CNN  — 

Having survived an avalanche and been tested in some of the most remote places on earth, Jimmy Chin knows what it’s like to be at the mercy of mother nature.

The renowned adventurer and filmmaker has spent the past 20 years traveling the world, pushing himself to conquer one historic challenge after another, and engaging in the sort of daring activities that would be beyond many people’s imaginations.

Whether it’s climbing Everest or filming the Oscar-winning Free Solo, the 46-year-old has captured the full extent of human endeavor.

“When you’re pushing for cutting-edge expeditions, you’re often in close proximity to potential disaster,” he told CNN Sport. “You’re constantly managing risk and you’re in fairly serious situations all the time, so your senses are very sharpened.”

But Chin’s intrepid way of life has been put on hold as the world comes to grips with the coronavirus pandemic. To a certain degree, his past expeditions have readied him for such uncertain times and, he said, he hoped others could learn from his experiences.

“This is a moment to pause, reevaluate and think about what’s important,” he added.

READ: ‘If he slips, he falls. If he falls, he dies’ – Climbing 3,000 feet without ropes

Jimmy Chin has photographed all around the world.

Early years

As a film director and National Geographic photographer, Chin has assembled a world-class portfolio of work. This year he returned from a trip to Antarctica, where he and a team of adventurers skied two new routes down the tallest and second-tallest peaks on the continent.

But such a life wasn’t always the plan.

As a child growing up in rural Minnesota, Chin was encouraged to pursue more traditional aspirations: excelling academically, as well as in martial arts and as a competitive swimmer.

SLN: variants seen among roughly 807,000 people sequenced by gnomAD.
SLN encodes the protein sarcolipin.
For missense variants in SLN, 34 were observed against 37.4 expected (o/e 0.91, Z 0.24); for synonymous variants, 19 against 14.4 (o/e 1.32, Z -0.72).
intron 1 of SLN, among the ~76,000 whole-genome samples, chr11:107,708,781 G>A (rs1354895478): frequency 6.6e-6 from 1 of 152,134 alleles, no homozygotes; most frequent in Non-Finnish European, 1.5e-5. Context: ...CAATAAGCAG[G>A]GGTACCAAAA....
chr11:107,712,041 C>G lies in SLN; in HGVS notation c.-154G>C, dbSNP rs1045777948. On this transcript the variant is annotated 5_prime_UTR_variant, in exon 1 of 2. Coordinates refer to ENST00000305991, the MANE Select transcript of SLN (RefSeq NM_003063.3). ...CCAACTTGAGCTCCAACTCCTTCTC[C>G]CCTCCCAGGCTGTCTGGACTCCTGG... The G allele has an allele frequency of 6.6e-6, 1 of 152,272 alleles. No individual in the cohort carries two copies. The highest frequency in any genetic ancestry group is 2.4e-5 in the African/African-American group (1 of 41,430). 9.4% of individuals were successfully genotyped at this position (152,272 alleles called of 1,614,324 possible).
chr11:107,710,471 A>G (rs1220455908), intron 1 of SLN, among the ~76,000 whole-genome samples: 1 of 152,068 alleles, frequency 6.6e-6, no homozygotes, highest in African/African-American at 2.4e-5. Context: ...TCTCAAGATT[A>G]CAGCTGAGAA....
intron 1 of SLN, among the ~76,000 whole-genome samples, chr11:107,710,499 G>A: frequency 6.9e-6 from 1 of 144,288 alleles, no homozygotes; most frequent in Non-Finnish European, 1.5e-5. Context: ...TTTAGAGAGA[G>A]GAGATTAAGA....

But it was skiing on a small hill behind his house that he found freedom. “If I did well in everything else, I got to ski,” he said.

Already with a taste for the world of outdoor sports, Chin was introduced to climbing at college. At that point, he said, it was game over as the sport became a vehicle to see the world and explore places that made his “heart sing.”

He moved to Yosemite National Park where he worked odd jobs to fund his nomadic lifestyle, eventually picking up a camera and starting to shoot.

“I have so many incredible photographer friends who had a really noble vision for being an artist with their photography,” he laughed.

“But my whole entry into it was just ‘if I take these photos and I sell them I can make a little money so I can keep climbing.’”

READ: Like ‘falling off the face of the earth,’ says kayaker after dropping down 134-foot waterfall

His adventures have often involved very high stakes.
Chin climbing up the Pacific on El Capitain in Yosemite, US.

Capturing the impossible